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Wednesday, July 23, 2008

Convergence of data management and content management

8:41:00 PM Posted by Oscar Berg , No comments
I recently posted the following question in the ECM group at InformationZen.org, "AIIM's online network for education, research, and best practices to help organizations optimize their information":
I would like to get your view on the convergence between enterprise data and content management. Is there such a convergence going on and how does it show? What are the major challenges you see for such a convergence to happen? Can it even be done? Should it be done (what are the main benefits of such a convergence)?
I also provided one of my own graphics (see below) to illustrate what I see as the main differences between data and content. The point with the graphic is that data, as it is more structured than content, provides less context than content.

Billy Cripe, Director of Product Management for Oracle Enterprise Content Management Products, responded as follows:

This is a great question. I believe there is a convergence going on. I think that as unstructured information (content) becomes increasingly transportable (think XML) and reference-able (think micro formatting, semantic structures, etc) it becomes more and more data like.

Furthermore, I think there is increasing demand for context around data that is produced by, stored in, and leveraged by fairly sophisticated data management systems (e.g. databased, data warehouses, transactional systems). In the BI community there is a growing awareness that the contexts provided by content flavors the analysis / results that is easy to produce on/for structured data. That awareness is breeding calls for a convergence of the information (structured and unstructured) to provide a complete picture.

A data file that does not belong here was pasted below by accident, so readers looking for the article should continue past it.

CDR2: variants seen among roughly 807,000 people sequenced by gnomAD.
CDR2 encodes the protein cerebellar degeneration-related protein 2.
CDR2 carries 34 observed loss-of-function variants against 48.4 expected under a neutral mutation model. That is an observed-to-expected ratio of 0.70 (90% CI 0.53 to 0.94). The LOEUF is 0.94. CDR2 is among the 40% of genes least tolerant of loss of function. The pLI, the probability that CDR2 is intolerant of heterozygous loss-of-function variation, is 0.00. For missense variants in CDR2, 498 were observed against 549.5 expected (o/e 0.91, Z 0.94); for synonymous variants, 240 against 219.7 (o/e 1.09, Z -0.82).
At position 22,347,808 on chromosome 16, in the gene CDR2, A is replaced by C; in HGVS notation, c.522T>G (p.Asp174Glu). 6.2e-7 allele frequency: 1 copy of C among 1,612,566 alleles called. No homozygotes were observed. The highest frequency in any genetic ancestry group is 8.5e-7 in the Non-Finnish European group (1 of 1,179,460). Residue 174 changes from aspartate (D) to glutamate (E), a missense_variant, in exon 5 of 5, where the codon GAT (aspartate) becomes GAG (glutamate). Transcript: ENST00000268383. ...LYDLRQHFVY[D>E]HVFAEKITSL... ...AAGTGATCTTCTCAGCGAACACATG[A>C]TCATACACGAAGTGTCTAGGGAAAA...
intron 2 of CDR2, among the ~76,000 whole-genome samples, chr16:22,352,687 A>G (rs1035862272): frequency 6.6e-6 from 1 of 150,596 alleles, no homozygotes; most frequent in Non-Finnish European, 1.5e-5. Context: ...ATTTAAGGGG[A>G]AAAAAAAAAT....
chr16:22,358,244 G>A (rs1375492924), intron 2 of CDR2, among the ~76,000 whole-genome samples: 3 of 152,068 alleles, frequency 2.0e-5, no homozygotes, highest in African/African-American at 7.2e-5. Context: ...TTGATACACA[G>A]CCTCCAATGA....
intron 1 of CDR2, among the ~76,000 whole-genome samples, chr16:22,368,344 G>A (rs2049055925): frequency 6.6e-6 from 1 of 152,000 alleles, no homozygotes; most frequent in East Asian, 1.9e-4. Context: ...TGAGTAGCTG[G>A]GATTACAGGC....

As organizations boot-strap themselves with home grown systems that bring together content and data for specific purposes, they see the clearer, sharper, stronger results.

The convergence of unstructured and structured data management into what some analysts have called Enterprise Information Management structures is the mechanism by which the enterprise data picture goes from blurry to sharp.

He continued the discussion on his own blog where he developed his answer to my question further. I believe that Billy Cripe's reasoning is very much aligned with my own view on Enterprise Information Management (EIM) as a "unifying" discipline. ECM has done a good job at unifying various disciplines that deal with different aspects of managing unstructured content of various types and formats (Records Management, Document Management, Content Management, Digital Asset Management...), but I don't see how ECM could also bring Data Management under its umbrella. Instead, this role is tailor-made for EIM.

EIM focuses on information needs and how information assets need to be described, structured and organized in order to support these needs - regardless of how (structure, format, type) they have been encoded or what technologies are required to capture, manage and deliver them. Separating data and content only makes sense from a management perspective, but not from a usage perspective. My fellow blogger Henrik has expressed this nicely in his post "Bridging Data And Content For Enterprise Information Management (EIM)":

Information assets are based on data and content which means that successful EIM needs to bridge the traditionally separated areas of Data Management and Content Management. Both areas have been oriented to the production side of data and content including techniques for creation, integration, administration, access and delivery. Data and Content Management also work with e.g. security, quality assurance and consolidation into master sources.
I would be happy if you would share your own thoughts and opinions on this subjects, so please don't hesitate to post a comment.


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